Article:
Rosemary (Mia Farrow) and her actor husband, Guy (John Cassavetes), have moved into a fabulous apartment in New York, in a building with a dubious history – a history of murder and child deaths and all kinds of horrible stuff. Both laugh it off, especially when they meet their neighbours. Minnie (Ruth Gordon) and Roman Castavet (Sidney Blackmer), an eccentric, elderly couple. Guy takes a real shine to them. Eventually, Guy agrees to father a child with Rosemary, though the conception involves drugging and a mysterious ritual that Rosemary is sure she must have dreamt. The pregnancy continues with heavy involvement of the neighbours, though Rosemary is increasingly suspicious of their motives.
I guess from the start, you know this is a horror film, but none the less, the idea of a husband happily admitting to raping his drugged wife because he didn’t want to miss out on baby making night is pretty creepy. Though is this less creepy than him admitting that the child was conceived with a whole lot of creepy naked old people singing ritual chants?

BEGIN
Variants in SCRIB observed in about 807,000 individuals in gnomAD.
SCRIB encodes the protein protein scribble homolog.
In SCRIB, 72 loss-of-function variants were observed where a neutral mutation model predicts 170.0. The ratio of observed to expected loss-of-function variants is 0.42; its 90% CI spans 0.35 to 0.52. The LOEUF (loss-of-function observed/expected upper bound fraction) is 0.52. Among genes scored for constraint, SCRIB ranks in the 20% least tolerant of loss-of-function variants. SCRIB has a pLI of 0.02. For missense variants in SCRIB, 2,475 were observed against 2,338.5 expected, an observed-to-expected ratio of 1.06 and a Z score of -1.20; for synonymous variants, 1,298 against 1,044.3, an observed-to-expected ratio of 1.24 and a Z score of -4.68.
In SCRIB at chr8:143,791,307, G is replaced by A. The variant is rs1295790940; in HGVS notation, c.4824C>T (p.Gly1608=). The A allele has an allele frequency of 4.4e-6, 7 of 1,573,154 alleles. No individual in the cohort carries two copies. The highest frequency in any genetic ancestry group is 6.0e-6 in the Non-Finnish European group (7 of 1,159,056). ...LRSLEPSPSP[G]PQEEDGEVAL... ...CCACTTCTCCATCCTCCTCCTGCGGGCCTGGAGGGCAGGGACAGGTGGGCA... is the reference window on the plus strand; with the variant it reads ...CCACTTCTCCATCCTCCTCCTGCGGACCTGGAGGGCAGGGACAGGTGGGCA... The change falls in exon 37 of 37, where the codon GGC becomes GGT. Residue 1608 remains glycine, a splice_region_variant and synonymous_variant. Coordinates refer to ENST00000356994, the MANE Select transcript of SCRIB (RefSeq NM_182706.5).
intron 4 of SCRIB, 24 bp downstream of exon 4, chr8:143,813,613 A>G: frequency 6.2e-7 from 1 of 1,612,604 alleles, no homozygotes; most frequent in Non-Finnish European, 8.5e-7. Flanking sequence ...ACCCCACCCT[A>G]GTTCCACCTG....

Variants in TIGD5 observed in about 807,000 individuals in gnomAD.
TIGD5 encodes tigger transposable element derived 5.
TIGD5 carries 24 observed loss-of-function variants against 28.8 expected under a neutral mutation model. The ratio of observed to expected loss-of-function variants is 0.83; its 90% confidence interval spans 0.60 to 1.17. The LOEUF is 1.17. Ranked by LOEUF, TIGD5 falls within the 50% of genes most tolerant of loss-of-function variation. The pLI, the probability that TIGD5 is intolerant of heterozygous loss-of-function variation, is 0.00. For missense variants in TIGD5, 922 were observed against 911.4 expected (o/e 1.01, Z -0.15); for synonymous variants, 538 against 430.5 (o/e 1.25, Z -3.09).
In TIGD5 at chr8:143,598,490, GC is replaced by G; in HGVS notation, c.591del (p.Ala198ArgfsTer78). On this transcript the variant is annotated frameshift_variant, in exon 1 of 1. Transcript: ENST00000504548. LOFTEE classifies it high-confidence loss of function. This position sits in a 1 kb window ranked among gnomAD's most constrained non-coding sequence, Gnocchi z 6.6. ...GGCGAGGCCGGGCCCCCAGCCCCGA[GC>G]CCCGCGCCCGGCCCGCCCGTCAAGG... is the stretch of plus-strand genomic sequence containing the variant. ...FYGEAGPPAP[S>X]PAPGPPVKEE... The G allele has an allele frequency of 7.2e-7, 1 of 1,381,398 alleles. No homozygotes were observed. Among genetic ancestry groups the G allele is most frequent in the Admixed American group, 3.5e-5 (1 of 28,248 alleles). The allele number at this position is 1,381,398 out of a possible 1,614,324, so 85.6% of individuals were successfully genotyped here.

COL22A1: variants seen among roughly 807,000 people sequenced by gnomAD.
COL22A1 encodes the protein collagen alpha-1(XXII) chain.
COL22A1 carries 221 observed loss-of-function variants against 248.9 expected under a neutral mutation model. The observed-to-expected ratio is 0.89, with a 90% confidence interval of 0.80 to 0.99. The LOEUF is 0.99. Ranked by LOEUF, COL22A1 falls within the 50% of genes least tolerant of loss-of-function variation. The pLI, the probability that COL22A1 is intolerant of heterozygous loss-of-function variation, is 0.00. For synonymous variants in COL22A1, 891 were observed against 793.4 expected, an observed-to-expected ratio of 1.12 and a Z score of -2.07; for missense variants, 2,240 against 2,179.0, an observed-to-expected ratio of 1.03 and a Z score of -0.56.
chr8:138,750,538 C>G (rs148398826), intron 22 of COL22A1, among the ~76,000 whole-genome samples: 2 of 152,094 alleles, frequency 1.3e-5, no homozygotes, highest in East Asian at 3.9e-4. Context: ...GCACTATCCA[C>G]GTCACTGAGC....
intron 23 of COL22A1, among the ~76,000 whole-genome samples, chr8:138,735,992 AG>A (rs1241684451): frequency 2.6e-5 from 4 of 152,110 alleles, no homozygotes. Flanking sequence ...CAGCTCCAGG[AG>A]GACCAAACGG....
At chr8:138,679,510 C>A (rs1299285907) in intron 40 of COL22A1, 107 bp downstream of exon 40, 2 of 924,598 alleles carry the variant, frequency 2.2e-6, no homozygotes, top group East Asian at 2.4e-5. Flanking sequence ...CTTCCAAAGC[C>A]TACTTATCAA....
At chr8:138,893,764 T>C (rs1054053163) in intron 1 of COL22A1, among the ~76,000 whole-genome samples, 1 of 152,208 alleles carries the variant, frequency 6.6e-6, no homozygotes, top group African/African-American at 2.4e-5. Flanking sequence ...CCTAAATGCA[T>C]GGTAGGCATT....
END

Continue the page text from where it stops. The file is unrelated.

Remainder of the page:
The age of the film does make it far less scary than it could have been; that and Mia Farrow’s appalling acting. Actually, most of the acting in the film is pretty appalling. And much of the direction. Why is this considered a classic? Indeed, is it considered a classic? Or is just the fact that it is often tied in with the horrific events that later took place with director Roman Polanski’s wife that is why it is such a famous film? Either way, I’m not sure it is worth it.
Rosemary’s Baby won Oscars for Best Actress in a Supporting Role (Ruth Gordon) and was nominated for Best Writing, Screenplay Based on Material from Another Medium (Roman Polanski)